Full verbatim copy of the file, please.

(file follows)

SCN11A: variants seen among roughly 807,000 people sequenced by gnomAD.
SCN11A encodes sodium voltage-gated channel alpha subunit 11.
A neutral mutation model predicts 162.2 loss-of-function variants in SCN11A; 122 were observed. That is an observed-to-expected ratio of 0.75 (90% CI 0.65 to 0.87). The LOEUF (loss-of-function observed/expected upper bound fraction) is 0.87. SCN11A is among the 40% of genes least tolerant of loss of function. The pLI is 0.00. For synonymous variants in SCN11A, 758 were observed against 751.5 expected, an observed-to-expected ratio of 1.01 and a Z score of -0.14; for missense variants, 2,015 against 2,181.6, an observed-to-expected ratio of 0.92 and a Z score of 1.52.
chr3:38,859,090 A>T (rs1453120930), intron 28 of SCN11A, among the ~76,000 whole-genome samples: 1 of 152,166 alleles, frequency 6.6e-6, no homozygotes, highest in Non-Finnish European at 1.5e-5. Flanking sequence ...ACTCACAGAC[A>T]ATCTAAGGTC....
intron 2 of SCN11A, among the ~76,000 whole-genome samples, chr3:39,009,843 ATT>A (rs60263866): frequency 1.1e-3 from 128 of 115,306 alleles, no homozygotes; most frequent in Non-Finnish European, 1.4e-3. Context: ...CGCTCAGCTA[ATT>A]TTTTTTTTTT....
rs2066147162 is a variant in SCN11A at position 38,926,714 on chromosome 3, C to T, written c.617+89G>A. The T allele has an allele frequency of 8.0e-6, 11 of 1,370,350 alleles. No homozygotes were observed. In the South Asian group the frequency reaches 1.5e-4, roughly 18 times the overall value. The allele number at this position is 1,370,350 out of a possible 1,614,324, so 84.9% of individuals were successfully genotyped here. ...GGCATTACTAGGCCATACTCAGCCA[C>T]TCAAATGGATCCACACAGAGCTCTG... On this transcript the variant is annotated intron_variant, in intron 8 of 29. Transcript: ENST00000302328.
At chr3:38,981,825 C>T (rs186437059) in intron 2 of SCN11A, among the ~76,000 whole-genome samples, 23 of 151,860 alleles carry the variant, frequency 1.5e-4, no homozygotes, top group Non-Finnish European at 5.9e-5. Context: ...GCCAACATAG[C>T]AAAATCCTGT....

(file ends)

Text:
SCN11A: variants seen among roughly 807,000 people sequenced by gnomAD.
SCN11A encodes sodium voltage-gated channel alpha subunit 11.
A neutral mutation model predicts 162.2 loss-of-function variants in SCN11A; 122 were observed. That is an observed-to-expected ratio of 0.75 (90% CI 0.65 to 0.87). The LOEUF (loss-of-function observed/expected upper bound fraction) is 0.87. SCN11A is among the 40% of genes least tolerant of loss of function. The pLI is 0.00. For synonymous variants in SCN11A, 758 were observed against 751.5 expected, an observed-to-expected ratio of 1.01 and a Z score of -0.14; for missense variants, 2,015 against 2,181.6, an observed-to-expected ratio of 0.92 and a Z score of 1.52.
chr3:38,859,090 A>T (rs1453120930), intron 28 of SCN11A, among the ~76,000 whole-genome samples: 1 of 152,166 alleles, frequency 6.6e-6, no homozygotes, highest in Non-Finnish European at 1.5e-5. Flanking sequence ...ACTCACAGAC[A>T]ATCTAAGGTC....
intron 2 of SCN11A, among the ~76,000 whole-genome samples, chr3:39,009,843 ATT>A (rs60263866): frequency 1.1e-3 from 128 of 115,306 alleles, no homozygotes; most frequent in Non-Finnish European, 1.4e-3. Context: ...CGCTCAGCTA[ATT>A]TTTTTTTTTT....
rs2066147162 is a variant in SCN11A at position 38,926,714 on chromosome 3, C to T, written c.617+89G>A. The T allele has an allele frequency of 8.0e-6, 11 of 1,370,350 alleles. No homozygotes were observed. In the South Asian group the frequency reaches 1.5e-4, roughly 18 times the overall value. The allele number at this position is 1,370,350 out of a possible 1,614,324, so 84.9% of individuals were successfully genotyped here. ...GGCATTACTAGGCCATACTCAGCCA[C>T]TCAAATGGATCCACACAGAGCTCTG... On this transcript the variant is annotated intron_variant, in intron 8 of 29. Transcript: ENST00000302328.
At chr3:38,981,825 C>T (rs186437059) in intron 2 of SCN11A, among the ~76,000 whole-genome samples, 23 of 151,860 alleles carry the variant, frequency 1.5e-4, no homozygotes, top group Non-Finnish European at 5.9e-5. Context: ...GCCAACATAG[C>T]AAAATCCTGT....